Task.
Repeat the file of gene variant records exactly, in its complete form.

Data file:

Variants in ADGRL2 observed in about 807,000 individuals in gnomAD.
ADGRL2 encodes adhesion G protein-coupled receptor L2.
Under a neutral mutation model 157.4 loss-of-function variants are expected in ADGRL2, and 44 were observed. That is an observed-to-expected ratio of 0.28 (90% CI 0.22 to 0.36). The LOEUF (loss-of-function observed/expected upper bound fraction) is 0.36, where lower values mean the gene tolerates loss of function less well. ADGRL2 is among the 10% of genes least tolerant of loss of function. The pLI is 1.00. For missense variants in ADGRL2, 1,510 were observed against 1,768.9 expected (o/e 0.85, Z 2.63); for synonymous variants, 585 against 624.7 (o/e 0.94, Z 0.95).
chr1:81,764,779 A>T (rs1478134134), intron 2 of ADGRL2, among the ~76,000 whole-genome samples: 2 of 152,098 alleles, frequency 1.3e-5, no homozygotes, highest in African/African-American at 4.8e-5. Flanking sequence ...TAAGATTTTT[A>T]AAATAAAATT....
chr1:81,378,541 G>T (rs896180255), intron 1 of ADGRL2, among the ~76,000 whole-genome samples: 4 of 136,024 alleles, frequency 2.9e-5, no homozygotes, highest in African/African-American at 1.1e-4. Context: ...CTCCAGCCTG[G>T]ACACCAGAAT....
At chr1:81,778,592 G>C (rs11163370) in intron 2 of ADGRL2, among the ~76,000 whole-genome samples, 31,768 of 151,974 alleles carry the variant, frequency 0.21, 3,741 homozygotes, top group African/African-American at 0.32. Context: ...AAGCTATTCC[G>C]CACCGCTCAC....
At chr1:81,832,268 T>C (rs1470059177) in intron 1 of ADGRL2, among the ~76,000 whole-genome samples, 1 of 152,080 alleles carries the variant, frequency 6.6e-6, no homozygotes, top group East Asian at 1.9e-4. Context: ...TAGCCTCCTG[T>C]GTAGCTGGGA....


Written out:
Variants in ADGRL2 observed in about 807,000 individuals in gnomAD.
ADGRL2 encodes adhesion G protein-coupled receptor L2.
Under a neutral mutation model 157.4 loss-of-function variants are expected in ADGRL2, and 44 were observed. That is an observed-to-expected ratio of 0.28 (90% CI 0.22 to 0.36). The LOEUF (loss-of-function observed/expected upper bound fraction) is 0.36, where lower values mean the gene tolerates loss of function less well. ADGRL2 is among the 10% of genes least tolerant of loss of function. The pLI is 1.00. For missense variants in ADGRL2, 1,510 were observed against 1,768.9 expected (o/e 0.85, Z 2.63); for synonymous variants, 585 against 624.7 (o/e 0.94, Z 0.95).
chr1:81,764,779 A>T (rs1478134134), intron 2 of ADGRL2, among the ~76,000 whole-genome samples: 2 of 152,098 alleles, frequency 1.3e-5, no homozygotes, highest in African/African-American at 4.8e-5. Flanking sequence ...TAAGATTTTT[A>T]AAATAAAATT....
chr1:81,378,541 G>T (rs896180255), intron 1 of ADGRL2, among the ~76,000 whole-genome samples: 4 of 136,024 alleles, frequency 2.9e-5, no homozygotes, highest in African/African-American at 1.1e-4. Context: ...CTCCAGCCTG[G>T]ACACCAGAAT....
At chr1:81,778,592 G>C (rs11163370) in intron 2 of ADGRL2, among the ~76,000 whole-genome samples, 31,768 of 151,974 alleles carry the variant, frequency 0.21, 3,741 homozygotes, top group African/African-American at 0.32. Context: ...AAGCTATTCC[G>C]CACCGCTCAC....
At chr1:81,832,268 T>C (rs1470059177) in intron 1 of ADGRL2, among the ~76,000 whole-genome samples, 1 of 152,080 alleles carries the variant, frequency 6.6e-6, no homozygotes, top group East Asian at 1.9e-4. Context: ...TAGCCTCCTG[T>C]GTAGCTGGGA....